Babies & the Power of Love

Vicky & Alice from Babies in Bloom are guest bloggers for us this month, talking all about love…..

The month of February is all about love; much like motherhood!  We, at Babies in Bloom Cheltenham, have the pleasure of giving this topic food for thought.  And let’s face it, on a list of life’s important subjects, you can’t really beat ‘Love’.

Of course, all mothers love their children.  A mother’s love for her child is like nothing else in the world.  And it is because of this that motherhood has the greatest potential influence in human life.

It’s pretty obvious that babies require love.  But did you know that their physical development actually needs it?

Amazingly, 80% of a baby’s brains develops in their first three years, so the early experiences a baby has during this time can actually sculpt the structure of their brain to build the foundations for their future.  This initial rapid growth is essentially a wiring process, where the connections that are stimulated flourish, and those that aren’t wither away.  Research shows a lack of love can result in lower production of our growth hormones.  Contrarily, emotional warmth causes release of the body’s love hormones, which stimulate growth!

So how can we ensure babies’ early experiences are positive ones?  You guessed it – Love!

Babies’ emotional environments are the most important influence on their brain development, so creating a positive atmosphere filled with love is essential.  From birth, babies instinctively seek out attachments with their mothers.  It’s no coincidence that the distance they’re able to see is from their position of feeding to their mother’s eyes, and that they’re able to recognise their mother’s smell and voice as soon as they’re born.

Babies are born ready to interact, so responding with love is key.  For example, from the very start, a baby will signal that they’re hungry, their mother responds by offering milk, and the baby indicates their contentment by sucking and settling.  Going forwards, this communication is essential for babies’ cognitive development, such as learning to talk.  When a baby babbles, their mother’s repetition of these sounds and turning them into recognisable words will eventually give meaning to their baby’s noises.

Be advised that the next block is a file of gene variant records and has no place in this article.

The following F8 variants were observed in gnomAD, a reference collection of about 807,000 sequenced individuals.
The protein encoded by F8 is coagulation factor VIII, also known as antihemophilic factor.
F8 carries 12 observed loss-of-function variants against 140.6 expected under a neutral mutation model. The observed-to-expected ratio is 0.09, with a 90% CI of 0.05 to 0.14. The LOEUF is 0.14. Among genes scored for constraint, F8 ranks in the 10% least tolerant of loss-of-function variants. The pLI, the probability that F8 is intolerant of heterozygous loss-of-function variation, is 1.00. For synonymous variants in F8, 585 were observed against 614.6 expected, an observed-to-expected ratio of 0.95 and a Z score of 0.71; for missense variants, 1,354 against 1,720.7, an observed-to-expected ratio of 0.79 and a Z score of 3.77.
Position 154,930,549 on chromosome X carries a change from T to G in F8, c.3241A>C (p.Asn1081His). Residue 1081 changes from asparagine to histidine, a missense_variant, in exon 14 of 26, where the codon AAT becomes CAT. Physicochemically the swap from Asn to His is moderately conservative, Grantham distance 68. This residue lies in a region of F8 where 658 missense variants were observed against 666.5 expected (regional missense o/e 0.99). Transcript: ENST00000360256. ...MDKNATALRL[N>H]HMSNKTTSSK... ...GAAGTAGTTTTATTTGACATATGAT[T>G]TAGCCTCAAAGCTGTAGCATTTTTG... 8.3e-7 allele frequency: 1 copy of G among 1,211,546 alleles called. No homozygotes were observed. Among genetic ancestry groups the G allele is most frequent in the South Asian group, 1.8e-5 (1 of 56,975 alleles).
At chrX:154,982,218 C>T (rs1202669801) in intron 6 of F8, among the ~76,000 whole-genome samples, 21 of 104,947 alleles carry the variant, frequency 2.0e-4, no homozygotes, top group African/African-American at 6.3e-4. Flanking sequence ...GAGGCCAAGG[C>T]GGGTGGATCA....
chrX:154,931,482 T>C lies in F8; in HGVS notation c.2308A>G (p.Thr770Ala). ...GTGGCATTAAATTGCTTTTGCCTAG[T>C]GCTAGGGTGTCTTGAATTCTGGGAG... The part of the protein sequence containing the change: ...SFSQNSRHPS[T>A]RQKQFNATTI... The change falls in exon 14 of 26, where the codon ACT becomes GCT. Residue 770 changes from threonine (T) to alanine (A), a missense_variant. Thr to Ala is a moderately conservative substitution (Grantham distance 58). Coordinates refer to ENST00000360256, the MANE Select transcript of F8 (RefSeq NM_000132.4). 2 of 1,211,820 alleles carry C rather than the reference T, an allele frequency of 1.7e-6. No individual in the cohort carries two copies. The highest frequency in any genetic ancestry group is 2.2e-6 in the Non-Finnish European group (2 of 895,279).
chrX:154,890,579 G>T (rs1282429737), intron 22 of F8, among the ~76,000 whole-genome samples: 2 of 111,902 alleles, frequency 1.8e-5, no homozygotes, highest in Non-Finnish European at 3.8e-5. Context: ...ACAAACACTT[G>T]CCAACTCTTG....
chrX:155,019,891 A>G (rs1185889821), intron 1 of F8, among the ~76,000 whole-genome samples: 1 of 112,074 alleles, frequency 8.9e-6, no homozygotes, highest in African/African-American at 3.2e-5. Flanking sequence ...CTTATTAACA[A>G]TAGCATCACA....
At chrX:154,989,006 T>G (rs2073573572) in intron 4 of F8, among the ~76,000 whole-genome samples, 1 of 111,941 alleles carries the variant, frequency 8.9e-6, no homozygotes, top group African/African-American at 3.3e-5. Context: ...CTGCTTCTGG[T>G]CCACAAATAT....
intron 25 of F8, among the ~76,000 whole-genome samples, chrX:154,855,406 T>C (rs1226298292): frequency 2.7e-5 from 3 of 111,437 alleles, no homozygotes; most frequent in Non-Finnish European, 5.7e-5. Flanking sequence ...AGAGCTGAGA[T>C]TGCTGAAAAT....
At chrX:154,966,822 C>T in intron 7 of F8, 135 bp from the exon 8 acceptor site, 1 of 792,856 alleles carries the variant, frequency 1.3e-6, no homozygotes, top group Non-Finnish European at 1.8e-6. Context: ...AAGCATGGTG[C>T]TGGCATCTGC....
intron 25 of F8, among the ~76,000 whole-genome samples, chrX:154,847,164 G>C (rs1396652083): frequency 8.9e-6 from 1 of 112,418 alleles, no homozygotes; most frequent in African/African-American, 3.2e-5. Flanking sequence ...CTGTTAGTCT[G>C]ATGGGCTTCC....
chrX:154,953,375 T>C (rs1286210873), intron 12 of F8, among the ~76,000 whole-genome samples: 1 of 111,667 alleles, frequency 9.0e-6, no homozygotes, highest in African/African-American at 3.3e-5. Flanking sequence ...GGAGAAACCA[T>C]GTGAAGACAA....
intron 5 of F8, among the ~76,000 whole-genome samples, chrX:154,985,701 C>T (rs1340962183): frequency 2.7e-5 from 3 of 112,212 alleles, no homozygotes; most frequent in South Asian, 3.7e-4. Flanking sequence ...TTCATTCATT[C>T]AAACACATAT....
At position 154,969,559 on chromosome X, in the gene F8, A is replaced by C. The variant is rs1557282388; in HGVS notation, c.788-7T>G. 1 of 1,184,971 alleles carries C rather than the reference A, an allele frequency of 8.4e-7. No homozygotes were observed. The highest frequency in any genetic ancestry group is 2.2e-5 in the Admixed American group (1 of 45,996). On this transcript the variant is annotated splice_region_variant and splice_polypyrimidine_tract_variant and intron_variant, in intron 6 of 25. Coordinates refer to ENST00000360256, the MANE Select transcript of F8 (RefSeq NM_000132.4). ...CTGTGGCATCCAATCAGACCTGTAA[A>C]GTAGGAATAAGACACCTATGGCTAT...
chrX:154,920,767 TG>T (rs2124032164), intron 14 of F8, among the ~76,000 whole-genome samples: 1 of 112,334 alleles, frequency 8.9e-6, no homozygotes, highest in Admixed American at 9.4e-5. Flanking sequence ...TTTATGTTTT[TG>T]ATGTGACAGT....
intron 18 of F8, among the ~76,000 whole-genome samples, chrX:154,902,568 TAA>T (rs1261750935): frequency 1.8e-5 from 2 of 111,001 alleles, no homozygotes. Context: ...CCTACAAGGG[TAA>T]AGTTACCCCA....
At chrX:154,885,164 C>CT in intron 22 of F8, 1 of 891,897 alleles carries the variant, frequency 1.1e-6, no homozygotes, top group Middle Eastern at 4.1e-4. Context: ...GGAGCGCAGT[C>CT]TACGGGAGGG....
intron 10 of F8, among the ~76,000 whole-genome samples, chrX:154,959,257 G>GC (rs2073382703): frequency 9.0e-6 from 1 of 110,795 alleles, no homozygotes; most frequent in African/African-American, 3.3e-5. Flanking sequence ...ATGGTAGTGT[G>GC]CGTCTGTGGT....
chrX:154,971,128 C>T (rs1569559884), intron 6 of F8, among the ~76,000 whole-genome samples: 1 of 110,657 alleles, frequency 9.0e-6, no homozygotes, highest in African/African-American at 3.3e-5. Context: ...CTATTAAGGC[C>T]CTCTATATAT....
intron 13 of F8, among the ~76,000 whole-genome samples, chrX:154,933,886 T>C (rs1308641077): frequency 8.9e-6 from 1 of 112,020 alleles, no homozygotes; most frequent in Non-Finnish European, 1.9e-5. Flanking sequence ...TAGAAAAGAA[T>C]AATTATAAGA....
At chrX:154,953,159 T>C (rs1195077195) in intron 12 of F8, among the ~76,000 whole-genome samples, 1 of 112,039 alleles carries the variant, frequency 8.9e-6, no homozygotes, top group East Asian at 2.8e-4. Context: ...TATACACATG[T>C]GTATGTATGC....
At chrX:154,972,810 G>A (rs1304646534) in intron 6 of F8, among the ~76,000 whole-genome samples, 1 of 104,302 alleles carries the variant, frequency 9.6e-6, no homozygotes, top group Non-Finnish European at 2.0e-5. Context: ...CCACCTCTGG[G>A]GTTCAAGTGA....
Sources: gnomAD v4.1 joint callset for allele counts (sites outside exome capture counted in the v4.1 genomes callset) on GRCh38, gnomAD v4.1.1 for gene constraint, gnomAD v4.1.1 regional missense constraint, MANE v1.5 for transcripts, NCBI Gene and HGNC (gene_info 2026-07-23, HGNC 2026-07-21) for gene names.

This responsiveness is also necessary for babies’ emotional development.  Babies aren’t born contented and confident.  They need their mothers to help them recognise and manage their own emotions.  Babies are full of powerful feelings, often associated with physical sensations.  When they project these overwhelming emotions, they need their mothers to make sense of them with a calm and sensitive response such as, ‘Oh dear, what’s the matter?  Maybe it’s your tummy’.  If a panicky feeling by a baby is received with a panicky response by a mother, such as, ‘I don’t know what you want!’, the baby won’t learn to understand the feeling themselves.

These are a few of the basics.  Our postnatal course explores this topic in more depth, looking into areas such as how babies uses their six main states of consciousness to guide their mothers in their care-giving, and what strategies babies use to console themselves (an awareness of which can enable mothers to allow their babies the opportunity to soothe themselves, helping them to develop resilience to adapt better to stress in the future) – in addition to all those other important topics mothers with new babies need to know about!

To summarise, early experiences really do matter and can shape the architecture of a baby’s brain; And the secret ingredient to creating the best start possible… Love!

“I believe in love at first sight, because I’ve been loving my mother since I opened my eyes.”

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